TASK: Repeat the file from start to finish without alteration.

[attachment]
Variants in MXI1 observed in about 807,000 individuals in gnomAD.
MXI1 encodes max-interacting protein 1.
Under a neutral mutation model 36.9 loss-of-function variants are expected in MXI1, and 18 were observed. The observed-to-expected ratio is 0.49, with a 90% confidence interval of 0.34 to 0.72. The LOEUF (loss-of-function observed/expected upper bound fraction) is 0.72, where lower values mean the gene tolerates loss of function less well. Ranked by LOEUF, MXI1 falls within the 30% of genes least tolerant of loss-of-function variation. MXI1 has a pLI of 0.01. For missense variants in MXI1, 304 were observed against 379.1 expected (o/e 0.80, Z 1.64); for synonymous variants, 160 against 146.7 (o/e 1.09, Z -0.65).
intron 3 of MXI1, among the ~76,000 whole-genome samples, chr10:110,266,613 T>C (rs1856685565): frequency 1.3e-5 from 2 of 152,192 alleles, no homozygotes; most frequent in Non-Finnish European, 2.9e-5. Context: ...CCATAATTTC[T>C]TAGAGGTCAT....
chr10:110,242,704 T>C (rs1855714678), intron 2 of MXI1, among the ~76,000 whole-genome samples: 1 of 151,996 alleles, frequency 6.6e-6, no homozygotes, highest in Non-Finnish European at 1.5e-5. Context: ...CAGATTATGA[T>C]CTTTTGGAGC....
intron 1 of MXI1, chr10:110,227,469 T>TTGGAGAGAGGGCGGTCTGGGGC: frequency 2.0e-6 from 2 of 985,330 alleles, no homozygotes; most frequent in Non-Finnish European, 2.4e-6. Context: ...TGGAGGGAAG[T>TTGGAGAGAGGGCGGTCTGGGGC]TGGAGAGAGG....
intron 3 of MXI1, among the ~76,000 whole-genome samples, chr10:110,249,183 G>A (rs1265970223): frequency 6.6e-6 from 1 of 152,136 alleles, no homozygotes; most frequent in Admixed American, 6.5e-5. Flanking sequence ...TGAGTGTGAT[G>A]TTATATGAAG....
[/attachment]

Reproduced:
Variants in MXI1 observed in about 807,000 individuals in gnomAD.
MXI1 encodes max-interacting protein 1.
Under a neutral mutation model 36.9 loss-of-function variants are expected in MXI1, and 18 were observed. The observed-to-expected ratio is 0.49, with a 90% confidence interval of 0.34 to 0.72. The LOEUF (loss-of-function observed/expected upper bound fraction) is 0.72, where lower values mean the gene tolerates loss of function less well. Ranked by LOEUF, MXI1 falls within the 30% of genes least tolerant of loss-of-function variation. MXI1 has a pLI of 0.01. For missense variants in MXI1, 304 were observed against 379.1 expected (o/e 0.80, Z 1.64); for synonymous variants, 160 against 146.7 (o/e 1.09, Z -0.65).
intron 3 of MXI1, among the ~76,000 whole-genome samples, chr10:110,266,613 T>C (rs1856685565): frequency 1.3e-5 from 2 of 152,192 alleles, no homozygotes; most frequent in Non-Finnish European, 2.9e-5. Context: ...CCATAATTTC[T>C]TAGAGGTCAT....
chr10:110,242,704 T>C (rs1855714678), intron 2 of MXI1, among the ~76,000 whole-genome samples: 1 of 151,996 alleles, frequency 6.6e-6, no homozygotes, highest in Non-Finnish European at 1.5e-5. Context: ...CAGATTATGA[T>C]CTTTTGGAGC....
intron 1 of MXI1, chr10:110,227,469 T>TTGGAGAGAGGGCGGTCTGGGGC: frequency 2.0e-6 from 2 of 985,330 alleles, no homozygotes; most frequent in Non-Finnish European, 2.4e-6. Context: ...TGGAGGGAAG[T>TTGGAGAGAGGGCGGTCTGGGGC]TGGAGAGAGG....
intron 3 of MXI1, among the ~76,000 whole-genome samples, chr10:110,249,183 G>A (rs1265970223): frequency 6.6e-6 from 1 of 152,136 alleles, no homozygotes; most frequent in Admixed American, 6.5e-5. Flanking sequence ...TGAGTGTGAT[G>A]TTATATGAAG....